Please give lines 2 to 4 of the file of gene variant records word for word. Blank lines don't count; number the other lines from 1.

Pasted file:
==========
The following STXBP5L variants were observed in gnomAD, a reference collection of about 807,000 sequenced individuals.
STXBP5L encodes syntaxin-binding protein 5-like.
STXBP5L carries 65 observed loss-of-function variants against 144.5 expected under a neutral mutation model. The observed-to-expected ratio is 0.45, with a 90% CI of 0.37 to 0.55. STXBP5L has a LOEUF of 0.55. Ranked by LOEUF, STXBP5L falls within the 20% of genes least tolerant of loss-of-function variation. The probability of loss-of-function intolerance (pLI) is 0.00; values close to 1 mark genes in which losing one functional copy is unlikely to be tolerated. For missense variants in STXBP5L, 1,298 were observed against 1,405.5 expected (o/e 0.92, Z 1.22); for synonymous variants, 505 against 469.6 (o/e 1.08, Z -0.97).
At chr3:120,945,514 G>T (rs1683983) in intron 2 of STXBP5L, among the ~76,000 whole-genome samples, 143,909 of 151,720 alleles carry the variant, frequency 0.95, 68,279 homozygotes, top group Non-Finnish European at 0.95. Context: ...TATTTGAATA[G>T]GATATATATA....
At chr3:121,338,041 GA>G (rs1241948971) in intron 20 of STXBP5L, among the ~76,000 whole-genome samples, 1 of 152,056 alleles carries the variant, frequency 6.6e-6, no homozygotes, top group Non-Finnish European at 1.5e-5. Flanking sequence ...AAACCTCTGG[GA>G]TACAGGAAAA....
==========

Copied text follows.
STXBP5L encodes syntaxin-binding protein 5-like.
STXBP5L carries 65 observed loss-of-function variants against 144.5 expected under a neutral mutation model. The observed-to-expected ratio is 0.45, with a 90% CI of 0.37 to 0.55. STXBP5L has a LOEUF of 0.55. Ranked by LOEUF, STXBP5L falls within the 20% of genes least tolerant of loss-of-function variation. The probability of loss-of-function intolerance (pLI) is 0.00; values close to 1 mark genes in which losing one functional copy is unlikely to be tolerated. For missense variants in STXBP5L, 1,298 were observed against 1,405.5 expected (o/e 0.92, Z 1.22); for synonymous variants, 505 against 469.6 (o/e 1.08, Z -0.97).
At chr3:120,945,514 G>T (rs1683983) in intron 2 of STXBP5L, among the ~76,000 whole-genome samples, 143,909 of 151,720 alleles carry the variant, frequency 0.95, 68,279 homozygotes, top group Non-Finnish European at 0.95. Context: ...TATTTGAATA[G>T]GATATATATA....